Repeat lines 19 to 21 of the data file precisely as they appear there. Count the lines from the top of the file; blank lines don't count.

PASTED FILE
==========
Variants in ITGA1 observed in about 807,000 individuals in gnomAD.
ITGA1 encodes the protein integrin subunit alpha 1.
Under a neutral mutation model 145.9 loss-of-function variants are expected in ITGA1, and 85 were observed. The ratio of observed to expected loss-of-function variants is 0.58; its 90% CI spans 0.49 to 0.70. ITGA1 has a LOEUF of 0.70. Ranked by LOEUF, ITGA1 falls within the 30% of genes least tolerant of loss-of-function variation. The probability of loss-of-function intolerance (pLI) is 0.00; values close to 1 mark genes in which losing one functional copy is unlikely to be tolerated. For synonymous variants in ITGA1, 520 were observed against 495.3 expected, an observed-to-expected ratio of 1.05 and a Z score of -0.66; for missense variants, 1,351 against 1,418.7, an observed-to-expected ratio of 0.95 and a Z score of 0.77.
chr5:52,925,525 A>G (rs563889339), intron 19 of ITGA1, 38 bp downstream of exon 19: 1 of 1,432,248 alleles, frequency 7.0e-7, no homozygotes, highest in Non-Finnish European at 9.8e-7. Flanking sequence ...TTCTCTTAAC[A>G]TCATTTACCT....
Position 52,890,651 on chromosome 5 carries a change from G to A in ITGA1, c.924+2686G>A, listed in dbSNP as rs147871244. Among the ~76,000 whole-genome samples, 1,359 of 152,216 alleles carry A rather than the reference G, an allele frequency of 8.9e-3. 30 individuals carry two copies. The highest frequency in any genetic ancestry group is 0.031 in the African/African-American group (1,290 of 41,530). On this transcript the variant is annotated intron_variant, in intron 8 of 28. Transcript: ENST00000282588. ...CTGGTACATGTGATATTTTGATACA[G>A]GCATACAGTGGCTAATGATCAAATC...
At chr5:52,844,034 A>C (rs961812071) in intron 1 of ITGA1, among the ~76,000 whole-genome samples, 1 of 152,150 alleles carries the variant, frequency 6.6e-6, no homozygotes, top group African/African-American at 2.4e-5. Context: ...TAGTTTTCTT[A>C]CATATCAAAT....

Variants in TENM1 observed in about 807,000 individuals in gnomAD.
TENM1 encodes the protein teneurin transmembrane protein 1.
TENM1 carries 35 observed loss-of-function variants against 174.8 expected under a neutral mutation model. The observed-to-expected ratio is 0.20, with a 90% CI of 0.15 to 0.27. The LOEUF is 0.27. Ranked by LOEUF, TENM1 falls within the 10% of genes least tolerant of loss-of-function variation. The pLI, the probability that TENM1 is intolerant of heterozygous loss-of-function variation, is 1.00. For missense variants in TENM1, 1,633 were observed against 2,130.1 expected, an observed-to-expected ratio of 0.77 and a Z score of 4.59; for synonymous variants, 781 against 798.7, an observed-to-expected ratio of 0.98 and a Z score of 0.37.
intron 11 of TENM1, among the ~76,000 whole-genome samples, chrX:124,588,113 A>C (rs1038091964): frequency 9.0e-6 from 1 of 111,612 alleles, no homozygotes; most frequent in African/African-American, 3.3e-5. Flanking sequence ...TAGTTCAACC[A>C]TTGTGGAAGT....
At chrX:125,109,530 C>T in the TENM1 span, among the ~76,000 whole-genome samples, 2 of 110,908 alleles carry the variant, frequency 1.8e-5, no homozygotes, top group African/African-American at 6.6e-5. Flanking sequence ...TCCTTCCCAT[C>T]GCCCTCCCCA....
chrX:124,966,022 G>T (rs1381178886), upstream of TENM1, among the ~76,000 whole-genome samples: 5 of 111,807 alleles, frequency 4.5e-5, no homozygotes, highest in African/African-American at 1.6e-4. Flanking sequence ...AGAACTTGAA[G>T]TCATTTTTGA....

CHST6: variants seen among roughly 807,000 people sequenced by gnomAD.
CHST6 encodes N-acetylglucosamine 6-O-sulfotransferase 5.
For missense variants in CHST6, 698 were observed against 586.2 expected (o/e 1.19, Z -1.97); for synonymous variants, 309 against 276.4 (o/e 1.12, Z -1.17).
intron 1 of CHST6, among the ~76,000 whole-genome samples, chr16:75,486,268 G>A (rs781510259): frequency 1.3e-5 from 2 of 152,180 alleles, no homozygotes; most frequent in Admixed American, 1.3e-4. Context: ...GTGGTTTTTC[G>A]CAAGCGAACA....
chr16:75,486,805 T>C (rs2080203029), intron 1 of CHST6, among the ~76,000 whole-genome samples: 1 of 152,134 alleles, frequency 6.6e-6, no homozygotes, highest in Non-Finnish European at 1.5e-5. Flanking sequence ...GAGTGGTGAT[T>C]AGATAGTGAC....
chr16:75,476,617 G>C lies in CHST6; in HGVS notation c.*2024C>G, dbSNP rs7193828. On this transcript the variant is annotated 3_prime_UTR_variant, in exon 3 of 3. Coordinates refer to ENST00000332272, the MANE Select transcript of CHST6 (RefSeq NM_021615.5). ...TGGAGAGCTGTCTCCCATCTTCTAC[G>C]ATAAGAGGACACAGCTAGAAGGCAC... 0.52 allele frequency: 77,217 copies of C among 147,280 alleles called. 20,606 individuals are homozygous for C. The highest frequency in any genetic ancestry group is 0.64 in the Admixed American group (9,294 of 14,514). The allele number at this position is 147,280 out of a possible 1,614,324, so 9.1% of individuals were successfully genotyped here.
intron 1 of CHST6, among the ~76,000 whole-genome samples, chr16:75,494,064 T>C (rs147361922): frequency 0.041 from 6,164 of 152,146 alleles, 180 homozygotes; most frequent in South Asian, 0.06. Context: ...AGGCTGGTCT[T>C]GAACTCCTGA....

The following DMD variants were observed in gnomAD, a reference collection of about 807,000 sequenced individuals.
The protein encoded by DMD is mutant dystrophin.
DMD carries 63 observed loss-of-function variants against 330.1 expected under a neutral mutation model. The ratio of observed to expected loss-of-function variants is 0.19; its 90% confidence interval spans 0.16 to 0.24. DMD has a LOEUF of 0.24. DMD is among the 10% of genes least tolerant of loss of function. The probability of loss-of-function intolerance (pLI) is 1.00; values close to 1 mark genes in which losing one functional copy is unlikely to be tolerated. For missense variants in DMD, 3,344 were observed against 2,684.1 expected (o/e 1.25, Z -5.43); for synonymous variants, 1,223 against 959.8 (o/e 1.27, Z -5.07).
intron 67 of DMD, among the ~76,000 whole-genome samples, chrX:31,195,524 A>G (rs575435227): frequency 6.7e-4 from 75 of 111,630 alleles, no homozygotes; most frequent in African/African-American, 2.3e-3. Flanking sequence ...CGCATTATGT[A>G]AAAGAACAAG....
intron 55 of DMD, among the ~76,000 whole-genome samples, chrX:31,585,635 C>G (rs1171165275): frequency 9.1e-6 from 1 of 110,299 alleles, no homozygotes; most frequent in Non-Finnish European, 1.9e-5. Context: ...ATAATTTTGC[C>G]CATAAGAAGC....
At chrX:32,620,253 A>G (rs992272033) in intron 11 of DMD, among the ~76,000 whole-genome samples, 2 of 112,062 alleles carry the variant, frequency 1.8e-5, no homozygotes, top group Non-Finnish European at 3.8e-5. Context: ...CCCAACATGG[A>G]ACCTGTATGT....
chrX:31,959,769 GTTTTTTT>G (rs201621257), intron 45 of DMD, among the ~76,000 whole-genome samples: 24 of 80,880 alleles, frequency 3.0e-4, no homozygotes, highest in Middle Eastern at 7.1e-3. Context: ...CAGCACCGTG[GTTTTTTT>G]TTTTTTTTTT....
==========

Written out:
intron 1 of CHST6, among the ~76,000 whole-genome samples, chr16:75,494,064 T>C (rs147361922): frequency 0.041 from 6,164 of 152,146 alleles, 180 homozygotes; most frequent in South Asian, 0.06. Context: ...AGGCTGGTCT[T>C]GAACTCCTGA....

The following DMD variants were observed in gnomAD, a reference collection of about 807,000 sequenced individuals.
The protein encoded by DMD is mutant dystrophin.